Older people have much to gain from regular exercise, and there is a wide variety of options available to them.
“Exercise has shown to be beneficial at all ages,” says Richard J. Hodes, director of the National Institute on Aging (NIA). “In fact, you have more to lose by not exercising.”
Running may be the single most effective exercise to increase life expectancy, according to a new review and analysis of past research about exercise and premature death. The new study found that, compared to nonrunners, runners tended to live about three additional years, even if they run slowly or sporadically and smoke, drink or are overweight. No other form of exercise that researchers looked at showed comparable impacts on life span.
For African-American strivers, hypertension and other health problems may be linked to racism, not race.
While low-income older adults desperately need funding and support, 70% of older Americans (70 million people) do not qualify for government or not-for-profit programs but, at the same time, cannot afford expensive retirement communities or 24/7 care. These people have some resources and most want to age in place.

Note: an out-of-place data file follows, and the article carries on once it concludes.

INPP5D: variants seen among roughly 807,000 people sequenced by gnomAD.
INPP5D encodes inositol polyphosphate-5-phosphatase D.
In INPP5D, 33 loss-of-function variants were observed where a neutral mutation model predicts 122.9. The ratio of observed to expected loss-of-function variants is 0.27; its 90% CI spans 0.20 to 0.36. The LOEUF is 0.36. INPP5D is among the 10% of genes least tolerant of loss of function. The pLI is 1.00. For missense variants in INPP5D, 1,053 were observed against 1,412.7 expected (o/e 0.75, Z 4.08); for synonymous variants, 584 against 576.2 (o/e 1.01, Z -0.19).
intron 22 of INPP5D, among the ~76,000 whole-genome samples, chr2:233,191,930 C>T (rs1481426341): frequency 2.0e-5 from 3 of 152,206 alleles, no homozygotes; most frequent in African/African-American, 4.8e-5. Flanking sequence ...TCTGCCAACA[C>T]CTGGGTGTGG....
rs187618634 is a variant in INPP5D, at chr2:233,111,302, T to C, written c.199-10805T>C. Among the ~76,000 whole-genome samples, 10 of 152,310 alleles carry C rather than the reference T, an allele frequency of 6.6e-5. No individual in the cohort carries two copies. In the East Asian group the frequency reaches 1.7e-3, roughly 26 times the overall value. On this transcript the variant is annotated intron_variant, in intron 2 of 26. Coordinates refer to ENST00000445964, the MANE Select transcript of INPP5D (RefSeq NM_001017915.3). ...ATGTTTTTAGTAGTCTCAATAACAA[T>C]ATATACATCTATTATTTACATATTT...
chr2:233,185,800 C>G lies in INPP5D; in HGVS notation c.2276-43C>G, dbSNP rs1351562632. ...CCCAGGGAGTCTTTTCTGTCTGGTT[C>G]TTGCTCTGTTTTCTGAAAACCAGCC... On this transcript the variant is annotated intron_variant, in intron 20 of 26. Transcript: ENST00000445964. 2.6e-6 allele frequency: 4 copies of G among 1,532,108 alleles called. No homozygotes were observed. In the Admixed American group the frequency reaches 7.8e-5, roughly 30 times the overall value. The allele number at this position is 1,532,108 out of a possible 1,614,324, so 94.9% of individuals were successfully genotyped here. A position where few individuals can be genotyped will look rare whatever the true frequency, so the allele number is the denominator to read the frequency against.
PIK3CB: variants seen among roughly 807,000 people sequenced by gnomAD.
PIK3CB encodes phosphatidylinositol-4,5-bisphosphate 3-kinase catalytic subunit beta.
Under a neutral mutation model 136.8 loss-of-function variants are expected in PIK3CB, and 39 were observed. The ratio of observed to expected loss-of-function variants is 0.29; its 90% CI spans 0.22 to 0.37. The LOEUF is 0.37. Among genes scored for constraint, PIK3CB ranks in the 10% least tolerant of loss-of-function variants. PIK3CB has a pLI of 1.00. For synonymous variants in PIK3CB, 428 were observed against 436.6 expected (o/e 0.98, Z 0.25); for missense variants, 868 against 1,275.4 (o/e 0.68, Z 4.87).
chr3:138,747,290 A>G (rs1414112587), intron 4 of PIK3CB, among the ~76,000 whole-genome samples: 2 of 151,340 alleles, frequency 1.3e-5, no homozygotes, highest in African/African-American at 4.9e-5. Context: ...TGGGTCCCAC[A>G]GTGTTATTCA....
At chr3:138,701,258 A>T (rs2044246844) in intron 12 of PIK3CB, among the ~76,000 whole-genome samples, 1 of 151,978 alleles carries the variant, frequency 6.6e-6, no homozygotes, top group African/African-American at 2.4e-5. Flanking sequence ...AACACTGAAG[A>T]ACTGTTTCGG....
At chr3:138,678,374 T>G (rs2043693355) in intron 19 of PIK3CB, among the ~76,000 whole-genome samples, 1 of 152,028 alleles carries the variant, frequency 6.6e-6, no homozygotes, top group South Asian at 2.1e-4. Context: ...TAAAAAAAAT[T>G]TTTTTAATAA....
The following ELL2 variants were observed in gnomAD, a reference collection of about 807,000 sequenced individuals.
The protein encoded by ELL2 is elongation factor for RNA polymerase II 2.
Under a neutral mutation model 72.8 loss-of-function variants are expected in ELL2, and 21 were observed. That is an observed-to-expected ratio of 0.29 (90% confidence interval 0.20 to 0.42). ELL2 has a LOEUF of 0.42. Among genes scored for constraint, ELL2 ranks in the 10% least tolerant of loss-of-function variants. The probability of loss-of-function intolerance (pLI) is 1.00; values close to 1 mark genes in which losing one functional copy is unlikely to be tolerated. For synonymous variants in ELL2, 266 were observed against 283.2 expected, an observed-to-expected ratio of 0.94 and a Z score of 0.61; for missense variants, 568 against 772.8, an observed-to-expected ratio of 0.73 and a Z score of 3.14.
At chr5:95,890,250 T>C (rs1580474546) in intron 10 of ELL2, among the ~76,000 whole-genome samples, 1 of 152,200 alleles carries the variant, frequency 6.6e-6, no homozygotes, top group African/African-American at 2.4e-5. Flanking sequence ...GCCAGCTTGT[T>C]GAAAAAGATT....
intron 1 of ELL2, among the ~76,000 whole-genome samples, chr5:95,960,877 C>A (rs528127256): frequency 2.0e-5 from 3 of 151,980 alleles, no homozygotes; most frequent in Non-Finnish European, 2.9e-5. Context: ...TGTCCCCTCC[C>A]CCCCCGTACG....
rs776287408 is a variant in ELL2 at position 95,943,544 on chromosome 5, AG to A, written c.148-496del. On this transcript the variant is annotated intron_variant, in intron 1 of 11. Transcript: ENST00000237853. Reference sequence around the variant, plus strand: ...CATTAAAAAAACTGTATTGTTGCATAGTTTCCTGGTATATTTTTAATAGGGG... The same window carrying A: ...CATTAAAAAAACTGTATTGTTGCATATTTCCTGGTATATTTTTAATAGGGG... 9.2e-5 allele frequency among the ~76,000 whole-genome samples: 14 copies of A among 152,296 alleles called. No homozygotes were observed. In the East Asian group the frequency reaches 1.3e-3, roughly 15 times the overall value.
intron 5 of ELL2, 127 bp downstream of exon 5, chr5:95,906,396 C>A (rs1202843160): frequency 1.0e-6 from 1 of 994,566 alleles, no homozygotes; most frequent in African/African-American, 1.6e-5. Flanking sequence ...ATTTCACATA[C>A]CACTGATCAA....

Read the full article at Forbes.
Some older people don’t have children or other family members to fall back on when they need care. Instead, they find that networks of friends can take up the slack.
Read the full article at National Public Radio.
If you’re making resolutions for a healthier new year, consider a gut makeover. Refashioning the community of bacteria and other microbes living in your intestinal tract, collectively known as the gut microbiome, could be a good long-term investment in your health.
Read the full article at The New York Times.
For overweight and obese older men and women, adding calorie restriction to a resistance training schedule improves at least some metabolic markers, according to a new study.
Read the full article at Reuters.